- Floods are the most frequent among all natural disasters, causing widespread devastation, economic damages and loss of human lives.
- The East Asia and Pacific region is particularly vulnerable: In the past 30 years, the number of floods in Asia amounted to about 40% of the total worldwide.
- Urban flooding is becoming increasingly costly and difficult to manage as low- and middle income countries in the region transition to largely urban societies, with a greater concentration of people and assets in urban centers.
- In addition to direct economic damage, floods have long-term consequences such as loss of education opportunities, disease and reduced nutrition which may erode development goals.
- Rapid urbanization creates poorer neighborhoods which lack adequate housing, infrastructure and services, making the poor more vulnerable to floods, especially women and children.
- The most effective way to manage flood risk is to take an integrated approach which combines structural and non-structural measures.
- This includes:
- Building drainage channels and floodways;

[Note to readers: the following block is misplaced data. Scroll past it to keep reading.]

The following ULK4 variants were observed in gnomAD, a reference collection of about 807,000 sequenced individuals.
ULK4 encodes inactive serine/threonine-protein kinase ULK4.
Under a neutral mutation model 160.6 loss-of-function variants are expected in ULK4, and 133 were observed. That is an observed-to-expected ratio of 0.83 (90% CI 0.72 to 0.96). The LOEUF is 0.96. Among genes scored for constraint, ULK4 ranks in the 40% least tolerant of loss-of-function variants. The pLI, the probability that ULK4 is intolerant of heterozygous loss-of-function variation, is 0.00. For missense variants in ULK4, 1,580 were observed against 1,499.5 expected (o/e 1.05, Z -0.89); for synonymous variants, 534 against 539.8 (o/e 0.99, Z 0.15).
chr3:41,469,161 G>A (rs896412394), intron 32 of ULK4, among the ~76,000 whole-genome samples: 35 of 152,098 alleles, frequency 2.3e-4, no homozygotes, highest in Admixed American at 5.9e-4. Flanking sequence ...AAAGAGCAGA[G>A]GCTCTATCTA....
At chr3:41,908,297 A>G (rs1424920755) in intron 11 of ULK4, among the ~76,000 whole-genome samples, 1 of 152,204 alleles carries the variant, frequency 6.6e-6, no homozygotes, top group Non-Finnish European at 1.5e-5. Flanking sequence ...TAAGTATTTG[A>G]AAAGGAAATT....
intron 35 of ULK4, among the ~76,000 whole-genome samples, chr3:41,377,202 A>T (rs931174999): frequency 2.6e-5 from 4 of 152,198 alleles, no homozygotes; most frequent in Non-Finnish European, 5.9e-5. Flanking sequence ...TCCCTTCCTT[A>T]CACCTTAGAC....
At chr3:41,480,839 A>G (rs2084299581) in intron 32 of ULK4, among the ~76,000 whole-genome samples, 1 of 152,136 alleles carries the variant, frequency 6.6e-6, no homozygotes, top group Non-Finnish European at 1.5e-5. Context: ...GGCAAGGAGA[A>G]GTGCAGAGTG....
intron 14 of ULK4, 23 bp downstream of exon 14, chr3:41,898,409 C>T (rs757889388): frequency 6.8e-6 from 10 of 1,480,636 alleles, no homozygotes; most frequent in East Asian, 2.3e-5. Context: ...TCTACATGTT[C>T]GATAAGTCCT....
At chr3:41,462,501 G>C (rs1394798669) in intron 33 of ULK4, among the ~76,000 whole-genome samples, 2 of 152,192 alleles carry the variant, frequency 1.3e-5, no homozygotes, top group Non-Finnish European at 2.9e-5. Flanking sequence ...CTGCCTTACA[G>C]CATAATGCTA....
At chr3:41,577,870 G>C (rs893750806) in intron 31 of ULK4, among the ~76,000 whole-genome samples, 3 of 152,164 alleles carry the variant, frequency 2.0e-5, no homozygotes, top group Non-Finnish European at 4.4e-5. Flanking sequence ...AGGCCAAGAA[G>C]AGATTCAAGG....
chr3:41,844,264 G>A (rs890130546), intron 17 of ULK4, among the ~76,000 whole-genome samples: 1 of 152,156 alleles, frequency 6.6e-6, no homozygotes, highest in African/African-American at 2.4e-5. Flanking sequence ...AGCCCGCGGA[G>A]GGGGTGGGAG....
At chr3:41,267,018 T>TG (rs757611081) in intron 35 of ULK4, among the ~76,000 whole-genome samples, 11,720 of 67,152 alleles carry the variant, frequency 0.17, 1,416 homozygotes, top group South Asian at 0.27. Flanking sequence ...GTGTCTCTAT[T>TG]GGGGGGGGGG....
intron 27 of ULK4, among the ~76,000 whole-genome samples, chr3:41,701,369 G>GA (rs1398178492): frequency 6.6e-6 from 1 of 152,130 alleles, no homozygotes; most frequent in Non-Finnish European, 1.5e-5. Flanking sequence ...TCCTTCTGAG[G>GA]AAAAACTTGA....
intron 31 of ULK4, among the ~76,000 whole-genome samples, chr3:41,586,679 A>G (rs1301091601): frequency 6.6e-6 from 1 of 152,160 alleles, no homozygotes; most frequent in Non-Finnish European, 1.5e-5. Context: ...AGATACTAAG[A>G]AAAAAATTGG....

- Incorporating “urban greening” such as wetlands and environmental buffers;
- Creating flood warning systems; and
- Land use planning for flood avoidance.
- The key is getting the balance right, because current risks may change in the future as the effects of urbanization and climate change accelerate, requiring flexible solutions.
- Various aspects of the impact of these measures need to be considered, including environmental degradation, biodiversity, equity, social capital and other potential trade-offs.
- Successful flood risk management requires robust decision making, with greater coordination between different levels of government, public sector agencies, civil society, educational and private sectors among others.
- Tools such as flood hazard maps as well as simulation and visualization techniques can help decision makers better understand flood risk and its hazards, predict outcomes and assess costs.
- Communications also plays a significant role in raising awareness and reinforcing preparedness. The guidebook warns that less severe disasters can be forgotten in less than three years.
- As flood risk cannot be eliminated entirely, planning for a speedy recovery is also necessary, using reconstruction as an opportunity to build safer and stronger communities which have the capacity to withstand flooding better in the future.
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